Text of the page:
THE LEGAL PROFESSION AND THE JUDICIARY IN REVIEW: 2020 AN UNEXPECTED OUTCOME – By Bayo Akinlade, Esq.
The whole of 2020 was characterized by the Covid 19 outbreak or should I say an awareness of Covid 19, since the real outbreak started in 2019 but only became (arguably) an issue in Nigeria in 2020
The Judiciary entered into 2020 with the familiar challenges such as Funding, Corruption, lack of transparency in the appointment of Judicial Officers, disobedience of court orders and judgments, over politicization of it’s administration, just to mention a few.
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However, most of these issues took a back seat as Covid revealed another aspect of Justice Administration that had not received much attention. This aspect was the use of technology to advance justice delivery.
In the final realization of the Covid 19 outbreak in Nigeria and the subsequent lockdown measures; the Judiciary unfortunately did not act fast in making changes by adopting remote hearings and other forms of technology in ensuring that the wheels of Justice did not totally grind to a halt.
There was however an increased private sector participation in the Judiciary in 2020. These private sector interventions played a major role in encouraging the judiciary to abandon the old ways and adopt more practical systems that will help it do justice more effectively.
It is however saddening that CORRUPTION within the Judiciary was not a focus for many heads of court in 2020. This of course resulted in the highly damning report from ICPC stating that the Judiciary was the most corrupt arm of Government in 2020 as well as the attack on the Courts in Lagos on the aftermath of the EndSars protest.
By and large, the Judiciary needs to reorganise itself. The National Judicial Council and the National Judicial Institute must be reconstituted and reorganised to give the Judiciary a better image. State Judicial Service Commissions must not be a political agency but must consist of members who have the expertise to reform the Lower Courts.
The integrity of the Bar has unfortunately suffered more damage than that of the Judiciary. The Corruption in NBA cannot be measured as many members are completely dis-illussioned and unimpressed with the leadership of the Bar.
Lawyers in the Judiciary and the official Bar (Ministry of Justice) do not consider the NBA as a reliable institution capable of birthing a sustainable development agenda for the legal profession as a whole and has shown this by sidelining the Bar in the making of many decisions that affect lawyers generally.
NBA elections are marred with political interests and other forms of unprofessional activities which include vote buying, riggings and violence.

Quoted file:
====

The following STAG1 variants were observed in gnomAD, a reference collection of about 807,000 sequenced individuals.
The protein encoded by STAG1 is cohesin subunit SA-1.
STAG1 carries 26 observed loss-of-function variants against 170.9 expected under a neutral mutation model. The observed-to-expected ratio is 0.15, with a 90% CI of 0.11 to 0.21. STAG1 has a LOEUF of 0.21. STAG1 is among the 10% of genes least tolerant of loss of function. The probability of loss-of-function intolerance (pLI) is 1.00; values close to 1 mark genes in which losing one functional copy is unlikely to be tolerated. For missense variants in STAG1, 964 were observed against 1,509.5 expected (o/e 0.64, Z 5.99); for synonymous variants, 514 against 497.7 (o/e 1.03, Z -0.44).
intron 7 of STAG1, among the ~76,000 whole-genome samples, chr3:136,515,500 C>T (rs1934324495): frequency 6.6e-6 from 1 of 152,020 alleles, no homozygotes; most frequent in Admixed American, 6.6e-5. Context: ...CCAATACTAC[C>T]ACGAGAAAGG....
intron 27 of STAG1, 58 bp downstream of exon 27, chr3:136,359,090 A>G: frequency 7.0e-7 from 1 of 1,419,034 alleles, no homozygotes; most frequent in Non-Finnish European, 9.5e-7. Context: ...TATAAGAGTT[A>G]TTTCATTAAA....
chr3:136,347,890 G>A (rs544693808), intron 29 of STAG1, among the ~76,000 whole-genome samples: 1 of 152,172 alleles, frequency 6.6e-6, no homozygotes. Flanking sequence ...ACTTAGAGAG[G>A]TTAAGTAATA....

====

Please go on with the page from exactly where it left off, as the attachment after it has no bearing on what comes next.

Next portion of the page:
The NBA in 2020 didn’t fair any better as it struggled to even provide much needed welfare for it’s members and was largely invincible in the scheme of things regarding policies and decisions made regarding the Courts and Covid protocols.
It could be argued that because 2020 was an election year for the NBA, the NBA went into it’s usual semi comatose state hence it’s inability to constructively add value towards nation building. This may be a valid point but not an excuse if the NBA was a proper institution based on its values rather than on those who held positions in it’s Executive Committees.
Notwithstanding, many individual lawyers, NGOs and other Lawyer subgroups did their best and remained relevant and productive in 2020
THE ADMINISTRATION OF CRIMINAL JUSTICE
The lockdown and the Endsars protest stretched the limits of our Administration of Criminal Justice Sector.
2020 exposed many loopholes in our structures in this regard, right from the police to the courts to our prison/Custodial systems, we have failed woefully in this regard and this is largely due to bad leadership and corruption.
There are however some improvements brought about by a few Attorney General’s of a few states like Lagos, Ogun, just to mention a few; that have continued to update our laws and bring in some new ideas and concepts to ensure that good laws are made and enforced.
The greatest challenge however to the Administration of Criminal Justice has been the rising insecurity without adequate funding to provide better policing, court infrastructures and prison facilities to counter the rising tide of insecurity.
FORWARD TO 2021
The leadership of the Judiciary and the NBA must collaborate more, establish a few joint taskforce to fight corruprion, set up joint committees and develop strategic engagement protocols to combat all the ills that bedevil our profession.
Lawyers in the Executive, Legislature, Judiciary are all members of the NBA….THE NBA MUST REINVENT ITSELF, return to it’s core values and provide leadership by harnessing the potential of lawyers in the 3 arms of government.
All lawyers must be conscious of their responsibility as social engineers and give a little back to the community they earn a living from.
Most importantly, we must agree to fight corruption at every level of governance and in our daily lives.
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